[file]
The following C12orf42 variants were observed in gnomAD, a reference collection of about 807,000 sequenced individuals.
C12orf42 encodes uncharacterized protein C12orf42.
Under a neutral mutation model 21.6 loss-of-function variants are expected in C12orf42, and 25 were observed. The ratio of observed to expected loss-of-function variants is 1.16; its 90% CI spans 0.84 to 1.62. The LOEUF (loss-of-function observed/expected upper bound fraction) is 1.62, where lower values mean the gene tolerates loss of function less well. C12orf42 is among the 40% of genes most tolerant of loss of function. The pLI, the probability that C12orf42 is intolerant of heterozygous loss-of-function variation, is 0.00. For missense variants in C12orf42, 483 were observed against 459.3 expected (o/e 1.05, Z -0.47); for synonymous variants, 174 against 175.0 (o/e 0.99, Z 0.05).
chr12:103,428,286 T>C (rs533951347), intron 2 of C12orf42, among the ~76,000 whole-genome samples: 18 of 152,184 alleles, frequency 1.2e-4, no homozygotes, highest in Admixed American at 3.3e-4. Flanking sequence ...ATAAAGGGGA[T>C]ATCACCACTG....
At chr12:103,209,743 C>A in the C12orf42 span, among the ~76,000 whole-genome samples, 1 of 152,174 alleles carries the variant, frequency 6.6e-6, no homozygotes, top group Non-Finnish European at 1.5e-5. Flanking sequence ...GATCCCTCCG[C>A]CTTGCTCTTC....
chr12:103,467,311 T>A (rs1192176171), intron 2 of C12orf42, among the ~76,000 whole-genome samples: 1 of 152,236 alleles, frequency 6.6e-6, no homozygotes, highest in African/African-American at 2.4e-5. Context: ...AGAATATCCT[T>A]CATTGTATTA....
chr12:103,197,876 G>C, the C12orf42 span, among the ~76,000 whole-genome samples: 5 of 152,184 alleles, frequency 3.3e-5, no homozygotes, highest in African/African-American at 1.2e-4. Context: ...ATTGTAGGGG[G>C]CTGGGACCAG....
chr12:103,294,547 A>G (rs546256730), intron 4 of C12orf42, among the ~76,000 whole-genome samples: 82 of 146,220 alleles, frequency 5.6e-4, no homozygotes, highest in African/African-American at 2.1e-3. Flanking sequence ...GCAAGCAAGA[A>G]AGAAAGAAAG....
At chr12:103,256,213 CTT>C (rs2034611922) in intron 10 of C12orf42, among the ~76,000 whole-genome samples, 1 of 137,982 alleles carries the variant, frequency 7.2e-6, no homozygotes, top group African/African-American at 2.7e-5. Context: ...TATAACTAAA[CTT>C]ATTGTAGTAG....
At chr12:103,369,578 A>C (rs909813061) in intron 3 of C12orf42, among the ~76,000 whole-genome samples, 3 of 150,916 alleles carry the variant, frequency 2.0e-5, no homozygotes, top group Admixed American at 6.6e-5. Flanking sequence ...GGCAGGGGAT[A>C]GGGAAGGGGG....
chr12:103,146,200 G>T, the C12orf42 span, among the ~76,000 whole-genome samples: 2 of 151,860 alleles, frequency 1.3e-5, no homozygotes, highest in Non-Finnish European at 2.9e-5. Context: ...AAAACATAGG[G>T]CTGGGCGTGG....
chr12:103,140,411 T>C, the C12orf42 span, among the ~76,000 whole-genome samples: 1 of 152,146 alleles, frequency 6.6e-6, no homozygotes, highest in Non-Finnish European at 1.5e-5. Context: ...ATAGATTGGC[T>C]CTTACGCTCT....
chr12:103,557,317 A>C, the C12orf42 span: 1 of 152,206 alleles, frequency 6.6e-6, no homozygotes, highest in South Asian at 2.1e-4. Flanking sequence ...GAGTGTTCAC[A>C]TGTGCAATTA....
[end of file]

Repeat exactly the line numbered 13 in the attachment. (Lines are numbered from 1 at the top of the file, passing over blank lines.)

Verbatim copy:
chr12:103,557,317 A>C, the C12orf42 span: 1 of 152,206 alleles, frequency 6.6e-6, no homozygotes, highest in South Asian at 2.1e-4. Flanking sequence ...GAGTGTTCAC[A>C]TGTGCAATTA....